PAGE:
Govt plans to ring-fence Councils’ waste management funds criticised

...move described as hypocrisy

Government says it is working on a Statutory Instrument (SI) to make sure funds collected by councils for waste management are ring-fenced so that authorities do not divert the funds for other purposes, a move described as hypocritical amid allegations that the government has been diverting money collected from various streams.

Those funds will reportedly be managed by the Environment Management Agency (EMA). 

This action follows Cabinet’s consideration and adoption of measures to solve the country’s solid waste management concerns, particularly in urban areas, as presented by Minister of Environment, Climate, and Wildlife Nqobizitha Mangaliso Ndlovu.

Cabinet examined the “deplorable state of cleanliness across the country, particularly in urban areas is due to local authorities’ ineptitude and negligence in collecting and managing solid waste disposal. “

Noting that the mismanagement of solid waste persists, Cabinet approved that a SI will be promulgated to make the National Clean Up Programme compulsory for Government Ministries, Departments and Agencies, Local Authorities, the business sector, vendors, retailers and manufacturers.

“Local Authorities should localise the SI by promulgation of the relevant by-laws. Funds collected by Local Authorities from residents for waste management will be ring-fenced in-order to ensure that the Authorities do not divert the funds to other uses, with EMA supervising the usage of the funds,” it was said during the post-Cabinet briefing.

“Deterrent fines for public littering will be introduced and enforced, and repeat offenders charged with no option of a fine but given mandatory community service.”

However, some citizens have characterised the move as another attempt by the government to meddle in the operations of local governments, given that the Local Government and Public Works Ministry has been accused of stifling progress by imposing unnecessary bureaucracy that affects service delivery, particularly in councils run by the opposition.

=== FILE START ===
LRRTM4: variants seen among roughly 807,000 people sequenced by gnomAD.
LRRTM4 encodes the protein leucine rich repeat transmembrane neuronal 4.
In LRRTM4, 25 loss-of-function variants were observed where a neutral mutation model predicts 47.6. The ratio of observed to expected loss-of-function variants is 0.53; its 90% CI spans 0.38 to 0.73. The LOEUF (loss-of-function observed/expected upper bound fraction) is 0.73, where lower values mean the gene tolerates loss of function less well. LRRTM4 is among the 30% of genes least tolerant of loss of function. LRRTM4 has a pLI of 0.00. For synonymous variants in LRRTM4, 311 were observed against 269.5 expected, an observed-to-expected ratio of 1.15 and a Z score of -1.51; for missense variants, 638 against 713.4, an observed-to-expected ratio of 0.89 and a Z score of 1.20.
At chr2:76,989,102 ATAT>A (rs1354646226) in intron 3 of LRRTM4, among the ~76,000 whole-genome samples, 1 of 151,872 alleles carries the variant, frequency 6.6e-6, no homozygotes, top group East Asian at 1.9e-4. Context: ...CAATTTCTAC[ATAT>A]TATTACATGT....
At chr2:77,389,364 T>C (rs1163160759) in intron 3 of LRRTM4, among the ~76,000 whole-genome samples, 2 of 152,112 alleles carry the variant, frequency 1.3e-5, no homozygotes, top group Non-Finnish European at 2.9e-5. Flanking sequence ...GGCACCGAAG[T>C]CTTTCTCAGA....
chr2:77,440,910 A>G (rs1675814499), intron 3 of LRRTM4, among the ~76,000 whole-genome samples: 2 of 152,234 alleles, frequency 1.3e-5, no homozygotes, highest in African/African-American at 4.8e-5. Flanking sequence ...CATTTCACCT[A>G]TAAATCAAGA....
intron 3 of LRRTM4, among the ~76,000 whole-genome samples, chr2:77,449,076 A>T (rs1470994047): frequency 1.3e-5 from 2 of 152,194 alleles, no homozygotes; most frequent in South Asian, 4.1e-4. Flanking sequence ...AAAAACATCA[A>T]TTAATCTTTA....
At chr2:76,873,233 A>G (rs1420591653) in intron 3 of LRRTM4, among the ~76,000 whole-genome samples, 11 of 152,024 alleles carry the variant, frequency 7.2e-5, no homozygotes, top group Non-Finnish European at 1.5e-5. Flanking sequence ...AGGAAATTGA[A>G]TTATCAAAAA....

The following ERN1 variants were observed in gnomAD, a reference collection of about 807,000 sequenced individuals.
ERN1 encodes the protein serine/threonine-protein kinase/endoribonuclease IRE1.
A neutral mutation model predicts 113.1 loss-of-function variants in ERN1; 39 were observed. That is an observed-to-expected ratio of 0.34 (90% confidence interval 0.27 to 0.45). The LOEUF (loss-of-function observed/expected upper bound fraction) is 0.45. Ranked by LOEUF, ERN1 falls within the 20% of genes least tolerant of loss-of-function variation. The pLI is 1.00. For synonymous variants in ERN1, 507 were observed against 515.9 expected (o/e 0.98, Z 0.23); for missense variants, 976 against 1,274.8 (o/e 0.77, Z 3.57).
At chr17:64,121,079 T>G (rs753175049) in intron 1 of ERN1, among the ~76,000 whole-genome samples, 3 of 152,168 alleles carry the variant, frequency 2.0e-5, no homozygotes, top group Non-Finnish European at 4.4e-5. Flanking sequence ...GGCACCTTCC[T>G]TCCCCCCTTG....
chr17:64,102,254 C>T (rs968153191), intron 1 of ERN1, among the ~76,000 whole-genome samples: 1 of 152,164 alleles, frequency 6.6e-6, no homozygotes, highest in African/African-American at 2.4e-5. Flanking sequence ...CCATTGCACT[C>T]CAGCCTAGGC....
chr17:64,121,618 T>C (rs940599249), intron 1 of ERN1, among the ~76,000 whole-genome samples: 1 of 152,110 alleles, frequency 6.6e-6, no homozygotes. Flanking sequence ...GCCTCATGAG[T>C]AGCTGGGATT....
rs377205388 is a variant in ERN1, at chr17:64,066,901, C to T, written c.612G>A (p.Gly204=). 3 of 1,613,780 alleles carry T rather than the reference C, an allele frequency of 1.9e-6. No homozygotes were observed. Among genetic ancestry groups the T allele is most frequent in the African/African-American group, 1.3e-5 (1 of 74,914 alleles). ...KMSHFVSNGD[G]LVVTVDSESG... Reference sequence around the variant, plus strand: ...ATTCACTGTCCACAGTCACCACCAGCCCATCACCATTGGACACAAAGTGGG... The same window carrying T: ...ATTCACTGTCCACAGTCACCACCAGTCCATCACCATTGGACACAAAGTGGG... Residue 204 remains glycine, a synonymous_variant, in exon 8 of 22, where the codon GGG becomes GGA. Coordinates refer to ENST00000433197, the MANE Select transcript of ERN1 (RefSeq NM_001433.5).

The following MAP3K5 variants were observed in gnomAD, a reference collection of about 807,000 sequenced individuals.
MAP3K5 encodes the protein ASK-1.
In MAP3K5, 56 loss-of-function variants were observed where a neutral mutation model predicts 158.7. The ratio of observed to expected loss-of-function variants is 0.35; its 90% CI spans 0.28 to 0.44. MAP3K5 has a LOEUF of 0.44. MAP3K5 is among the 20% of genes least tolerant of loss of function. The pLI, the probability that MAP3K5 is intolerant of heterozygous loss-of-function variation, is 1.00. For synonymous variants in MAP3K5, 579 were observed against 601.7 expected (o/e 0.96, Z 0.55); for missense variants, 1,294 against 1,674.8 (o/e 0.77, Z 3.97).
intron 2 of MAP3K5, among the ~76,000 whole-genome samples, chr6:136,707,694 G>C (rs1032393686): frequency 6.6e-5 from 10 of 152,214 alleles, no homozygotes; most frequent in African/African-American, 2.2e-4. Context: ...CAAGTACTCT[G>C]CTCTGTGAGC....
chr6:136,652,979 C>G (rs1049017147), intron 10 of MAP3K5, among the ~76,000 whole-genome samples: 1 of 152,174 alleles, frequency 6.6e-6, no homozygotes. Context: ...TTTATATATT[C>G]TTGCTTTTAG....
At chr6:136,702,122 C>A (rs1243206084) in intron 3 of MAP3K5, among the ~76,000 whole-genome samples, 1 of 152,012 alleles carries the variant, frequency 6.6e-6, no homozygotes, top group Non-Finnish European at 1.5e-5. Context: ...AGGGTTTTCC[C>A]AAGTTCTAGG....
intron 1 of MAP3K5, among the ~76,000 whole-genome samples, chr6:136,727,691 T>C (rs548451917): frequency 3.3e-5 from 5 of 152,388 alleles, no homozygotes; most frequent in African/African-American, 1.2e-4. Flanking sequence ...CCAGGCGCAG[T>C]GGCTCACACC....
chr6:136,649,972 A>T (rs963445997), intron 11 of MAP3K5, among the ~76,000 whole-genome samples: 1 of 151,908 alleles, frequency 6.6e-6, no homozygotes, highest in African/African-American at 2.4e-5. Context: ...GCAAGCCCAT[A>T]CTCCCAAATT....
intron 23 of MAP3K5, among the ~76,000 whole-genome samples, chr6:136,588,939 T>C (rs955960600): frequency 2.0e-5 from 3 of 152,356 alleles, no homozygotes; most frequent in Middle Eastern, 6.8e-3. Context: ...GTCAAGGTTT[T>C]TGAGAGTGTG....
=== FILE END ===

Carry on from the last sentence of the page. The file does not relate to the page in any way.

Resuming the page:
Bulawayo Mayor, David Coltart, tweeted that: “Ironically the Zanu PF regime allows funds collected from, for example, the citizens of Bulawayo to be diverted to other uses including a string of luxury vehicles for the leadership of the Zimbabwe National Road Administration (ZINARA) Bulawayo gets back a fraction of the money paid to Zinara for its own roads.”

Deputy Mayor of Harare, Kudzai Kadzombe also stated on her X account that:

“The waste management funds are already ring- fenced, the greatest challenge is the value of the ZWL. Rates are paid but you can only buy something with that money after converting it to US.”

In an interview with CITE, ZAPU National Organiser, Ndodana Moyo, expressed concern about the rate at which the government was issuing SIs while avoiding Parliament for accountability and transparency.

“We are concerned because this demonstrates that public officials do not want to account to the people whom Parliament represents. The number of SIs in Zimbabwe indicates that the country is now ruled by SIs. Furthermore, why should money be taken to councils then given to EMA?” Moyo questioned.

He added that: “SIs must be restricted, otherwise, we shall wake up to new laws every day and wonder where they came from and what they intend to achieve.”

Moyo went on to say that the government should return executive powers to mayors and chairpersons of rural district councils.

“People will then be able to demand accountability from their local councils because what is happening now is councils are blaming the government for interfering and stifling them while the government will say they are underperforming,” said the ZAPU official.

Interim CCC Bulawayo Provincial Spokesperson, Swithern Chirowodza,  describes the move as hypocritical of the Zanu PF government, which collects revenue and channels it to other purposes.

“Let’s talk about ZINARA and tollgate fees; do they do their job? Government should speak about ZINARA, whose funds should be disbursed in accordance with the Zimbabwean Constitution, which recognises devolution in the management of local resources,” Chirowodza stated.

“Therefore this is a ruse. The central government wants to reduce the authority of local councils and have access to the money in the custody of local authorities. You will therefore get all sorts of excuses to meddle in local councils’ affairs.”

Chirowodza expressed regret that the Zanu PF-led government occasionally issued instructions or made policy announcements that were detrimental to local councils,

“We must be talking about devolution, where councils, elected by residents are supposed to be carrying out the mandate they were elected for, but we consider this move an attempt to seize control of those functions and revenue and hand it over to another department, which should be subservient to council,” summed the CCC official.

Meanwhile, Cabinet said central Government has made interventions to redress the state of cleanliness across Zimbabwe, including introduction of the National Clean Up Campaign in 2018 and declaration of a State of Disaster in Harare Metropolitan Province in 2023.

Cabinet said an Emergency Solid Waste Management Programme is currently under implementation under the State of Disaster declaration, however, it was noted the mismanagement of solid waste persists.

Related Articles

Leave a Reply

Your email address will not be published. Required fields are marked *

Back to top button